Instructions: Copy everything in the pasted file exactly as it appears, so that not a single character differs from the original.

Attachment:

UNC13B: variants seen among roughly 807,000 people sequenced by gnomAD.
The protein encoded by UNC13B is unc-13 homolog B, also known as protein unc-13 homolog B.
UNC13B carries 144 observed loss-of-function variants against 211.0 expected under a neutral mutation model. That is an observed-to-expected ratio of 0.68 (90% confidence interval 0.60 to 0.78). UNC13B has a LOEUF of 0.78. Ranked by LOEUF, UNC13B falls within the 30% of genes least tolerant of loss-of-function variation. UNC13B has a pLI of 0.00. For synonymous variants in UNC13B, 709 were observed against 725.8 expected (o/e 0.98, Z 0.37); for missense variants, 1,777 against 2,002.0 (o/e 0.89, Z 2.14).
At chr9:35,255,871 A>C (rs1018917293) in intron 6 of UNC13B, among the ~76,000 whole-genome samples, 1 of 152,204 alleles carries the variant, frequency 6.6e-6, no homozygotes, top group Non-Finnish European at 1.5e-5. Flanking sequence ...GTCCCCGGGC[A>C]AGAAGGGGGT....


UNC13B: variants seen among roughly 807,000 people sequenced by gnomAD.
The protein encoded by UNC13B is unc-13 homolog B, also known as protein unc-13 homolog B.
UNC13B carries 144 observed loss-of-function variants against 211.0 expected under a neutral mutation model. That is an observed-to-expected ratio of 0.68 (90% confidence interval 0.60 to 0.78). UNC13B has a LOEUF of 0.78. Ranked by LOEUF, UNC13B falls within the 30% of genes least tolerant of loss-of-function variation. UNC13B has a pLI of 0.00. For synonymous variants in UNC13B, 709 were observed against 725.8 expected (o/e 0.98, Z 0.37); for missense variants, 1,777 against 2,002.0 (o/e 0.89, Z 2.14).
At chr9:35,255,871 A>C (rs1018917293) in intron 6 of UNC13B, among the ~76,000 whole-genome samples, 1 of 152,204 alleles carries the variant, frequency 6.6e-6, no homozygotes, top group Non-Finnish European at 1.5e-5. Flanking sequence ...GTCCCCGGGC[A>C]AGAAGGGGGT....